Black History: Special Delivery!!
Alexander Augusta (1825 – 1890) was born in Norfolk Virginia. He began his medical studies under the supervision of private tutors. He then applied for admission at the University of Pennsylvania but was denied. Still, a Professor William Gibson, who was very impressed with Augusta began teaching him privately. In 1847, Augusta married Native American woman, Mary O. Burgoin. In 1856 he was admitted to the College Of The University of Toronto. He would eventually receive his Bachelors of Medicine degree from Trinity Medical College.
Augusta went on to establish a thriving private practice in Canada. He was also hired as the head of Toronto City Hospital. Just prior to the start of the Civil War, he returned to the U.S. and enlisted in the U.S. Army. He was the first of eight black officers to be commissioned during the Civil War and was the first black surgeon in the army. He was commissioned as a major with the 7th U.S. Colored Troops. At that time, Augusta was the highest ranking black officer. His high ranking angered some of the white medical personnel who reported to him. Those individuals wrote President Lincoln and complained. Lincoln then forced Augusta to take on a leadership role at Freedmen’s Hospital in Washington, D.C. Augusta was the first African American to lead Freedman’s Hospital.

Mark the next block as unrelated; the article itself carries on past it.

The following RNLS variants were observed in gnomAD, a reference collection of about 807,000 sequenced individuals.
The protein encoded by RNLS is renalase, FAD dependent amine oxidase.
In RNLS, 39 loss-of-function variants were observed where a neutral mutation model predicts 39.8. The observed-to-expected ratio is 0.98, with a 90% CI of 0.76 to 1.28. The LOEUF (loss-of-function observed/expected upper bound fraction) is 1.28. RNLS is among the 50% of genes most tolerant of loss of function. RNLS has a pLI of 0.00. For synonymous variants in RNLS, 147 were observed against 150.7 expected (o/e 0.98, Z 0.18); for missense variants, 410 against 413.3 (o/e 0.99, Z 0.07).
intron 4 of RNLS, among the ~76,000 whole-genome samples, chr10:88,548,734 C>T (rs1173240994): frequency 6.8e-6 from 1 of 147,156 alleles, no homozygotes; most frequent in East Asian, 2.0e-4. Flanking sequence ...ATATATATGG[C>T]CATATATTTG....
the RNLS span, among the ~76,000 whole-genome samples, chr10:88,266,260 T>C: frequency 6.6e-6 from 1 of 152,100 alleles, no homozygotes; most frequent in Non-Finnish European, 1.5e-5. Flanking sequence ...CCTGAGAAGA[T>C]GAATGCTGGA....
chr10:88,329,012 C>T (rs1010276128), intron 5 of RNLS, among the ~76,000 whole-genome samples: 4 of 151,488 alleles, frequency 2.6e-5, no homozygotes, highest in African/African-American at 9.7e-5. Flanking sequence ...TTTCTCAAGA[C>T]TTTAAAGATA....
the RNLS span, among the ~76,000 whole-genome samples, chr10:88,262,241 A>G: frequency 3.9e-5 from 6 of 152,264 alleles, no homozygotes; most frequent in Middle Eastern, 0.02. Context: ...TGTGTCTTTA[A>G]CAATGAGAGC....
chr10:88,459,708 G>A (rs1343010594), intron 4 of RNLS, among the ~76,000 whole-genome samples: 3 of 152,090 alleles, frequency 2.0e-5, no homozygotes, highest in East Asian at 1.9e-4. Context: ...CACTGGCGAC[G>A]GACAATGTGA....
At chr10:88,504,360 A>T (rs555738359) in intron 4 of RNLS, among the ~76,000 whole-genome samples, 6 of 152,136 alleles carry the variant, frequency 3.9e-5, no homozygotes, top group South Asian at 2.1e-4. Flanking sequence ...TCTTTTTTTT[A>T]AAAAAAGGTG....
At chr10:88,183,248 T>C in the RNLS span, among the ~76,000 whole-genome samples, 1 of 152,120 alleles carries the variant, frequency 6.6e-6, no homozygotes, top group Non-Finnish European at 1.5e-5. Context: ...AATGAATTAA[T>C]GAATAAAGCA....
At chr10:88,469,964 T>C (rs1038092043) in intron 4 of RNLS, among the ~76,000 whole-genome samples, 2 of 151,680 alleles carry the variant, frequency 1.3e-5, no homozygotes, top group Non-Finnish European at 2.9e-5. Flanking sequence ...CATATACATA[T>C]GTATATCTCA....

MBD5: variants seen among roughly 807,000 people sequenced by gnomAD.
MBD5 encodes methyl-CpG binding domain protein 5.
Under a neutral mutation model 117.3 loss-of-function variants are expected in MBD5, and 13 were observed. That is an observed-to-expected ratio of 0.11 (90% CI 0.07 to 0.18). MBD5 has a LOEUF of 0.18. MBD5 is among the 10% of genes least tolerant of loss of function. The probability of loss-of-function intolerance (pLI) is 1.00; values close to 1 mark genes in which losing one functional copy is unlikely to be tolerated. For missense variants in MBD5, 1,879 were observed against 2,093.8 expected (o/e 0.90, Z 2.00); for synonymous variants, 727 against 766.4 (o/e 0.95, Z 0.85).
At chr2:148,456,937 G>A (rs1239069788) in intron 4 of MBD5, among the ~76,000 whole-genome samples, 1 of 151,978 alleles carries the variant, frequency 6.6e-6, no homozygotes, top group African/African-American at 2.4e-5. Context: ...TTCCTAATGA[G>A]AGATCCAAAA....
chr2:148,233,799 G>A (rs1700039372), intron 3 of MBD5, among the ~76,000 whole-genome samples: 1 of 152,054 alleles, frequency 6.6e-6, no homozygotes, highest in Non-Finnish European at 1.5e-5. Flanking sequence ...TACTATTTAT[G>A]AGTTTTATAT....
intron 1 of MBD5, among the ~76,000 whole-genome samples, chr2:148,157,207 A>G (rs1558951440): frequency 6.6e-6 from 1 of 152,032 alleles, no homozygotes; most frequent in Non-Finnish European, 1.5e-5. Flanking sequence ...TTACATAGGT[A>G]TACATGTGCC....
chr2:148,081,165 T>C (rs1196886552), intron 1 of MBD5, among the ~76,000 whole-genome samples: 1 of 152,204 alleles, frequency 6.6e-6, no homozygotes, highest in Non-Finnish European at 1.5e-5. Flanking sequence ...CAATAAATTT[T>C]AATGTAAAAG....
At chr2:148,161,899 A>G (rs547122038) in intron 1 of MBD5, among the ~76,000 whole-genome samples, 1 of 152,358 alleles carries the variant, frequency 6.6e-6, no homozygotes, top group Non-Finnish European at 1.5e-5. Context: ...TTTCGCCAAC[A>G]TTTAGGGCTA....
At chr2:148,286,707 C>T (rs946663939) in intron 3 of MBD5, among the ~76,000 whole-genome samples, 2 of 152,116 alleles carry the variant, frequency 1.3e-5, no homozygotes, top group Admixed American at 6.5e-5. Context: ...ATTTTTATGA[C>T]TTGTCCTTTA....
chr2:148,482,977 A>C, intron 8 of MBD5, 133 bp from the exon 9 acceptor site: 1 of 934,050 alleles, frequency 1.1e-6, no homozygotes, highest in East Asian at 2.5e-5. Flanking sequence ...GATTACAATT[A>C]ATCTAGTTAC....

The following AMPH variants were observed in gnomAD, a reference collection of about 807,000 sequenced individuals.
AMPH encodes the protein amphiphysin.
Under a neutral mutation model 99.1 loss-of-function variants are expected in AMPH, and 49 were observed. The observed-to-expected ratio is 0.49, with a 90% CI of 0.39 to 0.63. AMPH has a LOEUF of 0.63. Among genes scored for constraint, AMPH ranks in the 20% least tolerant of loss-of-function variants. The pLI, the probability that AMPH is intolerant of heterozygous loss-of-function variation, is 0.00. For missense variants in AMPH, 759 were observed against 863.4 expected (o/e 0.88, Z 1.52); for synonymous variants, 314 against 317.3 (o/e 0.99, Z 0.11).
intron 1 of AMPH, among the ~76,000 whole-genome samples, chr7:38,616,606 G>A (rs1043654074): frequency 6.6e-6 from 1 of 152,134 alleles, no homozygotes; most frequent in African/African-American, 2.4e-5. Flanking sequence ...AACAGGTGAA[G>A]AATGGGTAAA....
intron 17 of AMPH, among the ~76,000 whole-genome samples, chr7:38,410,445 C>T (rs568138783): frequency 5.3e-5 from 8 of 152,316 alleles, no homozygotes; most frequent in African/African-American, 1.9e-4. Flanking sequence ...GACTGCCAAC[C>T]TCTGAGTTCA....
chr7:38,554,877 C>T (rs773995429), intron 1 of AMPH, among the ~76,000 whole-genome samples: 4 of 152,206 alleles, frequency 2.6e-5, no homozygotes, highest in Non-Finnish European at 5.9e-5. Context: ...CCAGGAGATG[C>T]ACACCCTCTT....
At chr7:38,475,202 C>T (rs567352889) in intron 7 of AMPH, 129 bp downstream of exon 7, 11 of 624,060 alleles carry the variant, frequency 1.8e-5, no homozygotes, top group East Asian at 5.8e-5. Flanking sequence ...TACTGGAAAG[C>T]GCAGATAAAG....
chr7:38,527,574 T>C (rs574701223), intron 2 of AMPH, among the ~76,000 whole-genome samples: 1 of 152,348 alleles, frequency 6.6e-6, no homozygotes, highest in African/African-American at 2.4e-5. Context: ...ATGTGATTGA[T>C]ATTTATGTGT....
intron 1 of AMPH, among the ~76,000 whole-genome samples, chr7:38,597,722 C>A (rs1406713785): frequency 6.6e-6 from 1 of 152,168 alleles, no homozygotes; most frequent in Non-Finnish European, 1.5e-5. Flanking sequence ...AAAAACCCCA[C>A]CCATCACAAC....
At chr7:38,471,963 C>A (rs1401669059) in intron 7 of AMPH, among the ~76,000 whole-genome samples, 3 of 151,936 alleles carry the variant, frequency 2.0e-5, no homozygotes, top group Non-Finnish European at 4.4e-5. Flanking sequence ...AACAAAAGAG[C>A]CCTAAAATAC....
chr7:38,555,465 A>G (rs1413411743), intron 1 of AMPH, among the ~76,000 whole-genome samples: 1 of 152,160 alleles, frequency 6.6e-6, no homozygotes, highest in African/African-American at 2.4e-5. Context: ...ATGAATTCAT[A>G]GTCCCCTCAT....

Though he was a doctor and surgeon, Augusta was paid the same rate ($7.00 per month) as an enlisted black soldier (which was lower than white soldiers who held the rank of private). He sought assistance from Massachusetts Senator Henry Wilson to have his pay increased. Senator Wilson advocated for Augusta with the Army pay master for him to receive the proper pay commensurate with his rank. In 1865, he was given the rank of Lieutenant Colonel and his pay was increased accordingly. Augusta was the first African American to reach the rank of Lt. Colonel in the U.S. Army.
Victimized by racial violence, Augusta was mobbed in Baltimore, Maryland for wearing his officer’s uniform in public. He also wrote a letter to his commanding general to protest being segregated on public trains and requesting protection for himself and other black military officers. He discharged from the Army in 1866 and became the head of Lincoln Hospital in Savannah, Georgia until 1868. He then returned to private in Washington D.C. He also began teaching in the Howard University Medical Department; making him the first black professor there. Denied recognition as a physician by the American Medical Association, Augusta still remained committed to helping Howard’s new medical program be successful.
Augusta retired from Howard in 1877. He continued to practice medicine until he died in 1890. He was the first black officer to be buried in Arlington Cemetery.